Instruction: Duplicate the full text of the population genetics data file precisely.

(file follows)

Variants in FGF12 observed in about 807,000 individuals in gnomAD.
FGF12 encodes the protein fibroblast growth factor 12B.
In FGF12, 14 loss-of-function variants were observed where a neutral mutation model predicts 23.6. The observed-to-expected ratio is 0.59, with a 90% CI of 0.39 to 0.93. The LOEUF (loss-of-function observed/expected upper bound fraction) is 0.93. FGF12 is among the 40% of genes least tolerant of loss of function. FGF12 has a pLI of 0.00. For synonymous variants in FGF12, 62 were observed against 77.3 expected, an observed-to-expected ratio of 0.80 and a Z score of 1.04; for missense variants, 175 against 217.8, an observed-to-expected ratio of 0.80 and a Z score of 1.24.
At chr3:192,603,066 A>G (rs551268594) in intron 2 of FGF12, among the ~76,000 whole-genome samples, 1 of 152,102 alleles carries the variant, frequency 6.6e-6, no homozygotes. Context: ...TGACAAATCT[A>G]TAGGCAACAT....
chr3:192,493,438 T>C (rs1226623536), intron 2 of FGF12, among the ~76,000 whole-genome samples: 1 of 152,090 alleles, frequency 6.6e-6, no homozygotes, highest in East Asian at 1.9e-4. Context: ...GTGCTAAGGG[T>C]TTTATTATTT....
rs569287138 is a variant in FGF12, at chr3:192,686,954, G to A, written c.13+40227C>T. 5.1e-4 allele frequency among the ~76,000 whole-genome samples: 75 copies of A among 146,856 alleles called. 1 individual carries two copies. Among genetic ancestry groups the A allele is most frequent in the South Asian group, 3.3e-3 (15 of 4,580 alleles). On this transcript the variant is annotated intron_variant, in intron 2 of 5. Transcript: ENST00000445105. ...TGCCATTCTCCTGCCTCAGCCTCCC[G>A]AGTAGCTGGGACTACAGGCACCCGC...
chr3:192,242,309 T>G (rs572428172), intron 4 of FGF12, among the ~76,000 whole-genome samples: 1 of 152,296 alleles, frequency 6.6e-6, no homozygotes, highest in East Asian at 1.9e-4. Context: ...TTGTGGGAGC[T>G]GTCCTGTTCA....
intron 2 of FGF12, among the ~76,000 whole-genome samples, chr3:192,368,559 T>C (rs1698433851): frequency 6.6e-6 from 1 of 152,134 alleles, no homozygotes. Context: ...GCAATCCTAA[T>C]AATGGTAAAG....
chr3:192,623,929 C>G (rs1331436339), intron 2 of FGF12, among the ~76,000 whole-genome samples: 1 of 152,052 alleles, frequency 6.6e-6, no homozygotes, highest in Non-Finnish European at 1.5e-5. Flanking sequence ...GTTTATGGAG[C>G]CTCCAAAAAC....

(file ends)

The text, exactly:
Variants in FGF12 observed in about 807,000 individuals in gnomAD.
FGF12 encodes the protein fibroblast growth factor 12B.
In FGF12, 14 loss-of-function variants were observed where a neutral mutation model predicts 23.6. The observed-to-expected ratio is 0.59, with a 90% CI of 0.39 to 0.93. The LOEUF (loss-of-function observed/expected upper bound fraction) is 0.93. FGF12 is among the 40% of genes least tolerant of loss of function. FGF12 has a pLI of 0.00. For synonymous variants in FGF12, 62 were observed against 77.3 expected, an observed-to-expected ratio of 0.80 and a Z score of 1.04; for missense variants, 175 against 217.8, an observed-to-expected ratio of 0.80 and a Z score of 1.24.
At chr3:192,603,066 A>G (rs551268594) in intron 2 of FGF12, among the ~76,000 whole-genome samples, 1 of 152,102 alleles carries the variant, frequency 6.6e-6, no homozygotes. Context: ...TGACAAATCT[A>G]TAGGCAACAT....
chr3:192,493,438 T>C (rs1226623536), intron 2 of FGF12, among the ~76,000 whole-genome samples: 1 of 152,090 alleles, frequency 6.6e-6, no homozygotes, highest in East Asian at 1.9e-4. Context: ...GTGCTAAGGG[T>C]TTTATTATTT....
rs569287138 is a variant in FGF12, at chr3:192,686,954, G to A, written c.13+40227C>T. 5.1e-4 allele frequency among the ~76,000 whole-genome samples: 75 copies of A among 146,856 alleles called. 1 individual carries two copies. Among genetic ancestry groups the A allele is most frequent in the South Asian group, 3.3e-3 (15 of 4,580 alleles). On this transcript the variant is annotated intron_variant, in intron 2 of 5. Transcript: ENST00000445105. ...TGCCATTCTCCTGCCTCAGCCTCCC[G>A]AGTAGCTGGGACTACAGGCACCCGC...
chr3:192,242,309 T>G (rs572428172), intron 4 of FGF12, among the ~76,000 whole-genome samples: 1 of 152,296 alleles, frequency 6.6e-6, no homozygotes, highest in East Asian at 1.9e-4. Context: ...TTGTGGGAGC[T>G]GTCCTGTTCA....
intron 2 of FGF12, among the ~76,000 whole-genome samples, chr3:192,368,559 T>C (rs1698433851): frequency 6.6e-6 from 1 of 152,134 alleles, no homozygotes. Context: ...GCAATCCTAA[T>C]AATGGTAAAG....
chr3:192,623,929 C>G (rs1331436339), intron 2 of FGF12, among the ~76,000 whole-genome samples: 1 of 152,052 alleles, frequency 6.6e-6, no homozygotes, highest in Non-Finnish European at 1.5e-5. Flanking sequence ...GTTTATGGAG[C>G]CTCCAAAAAC....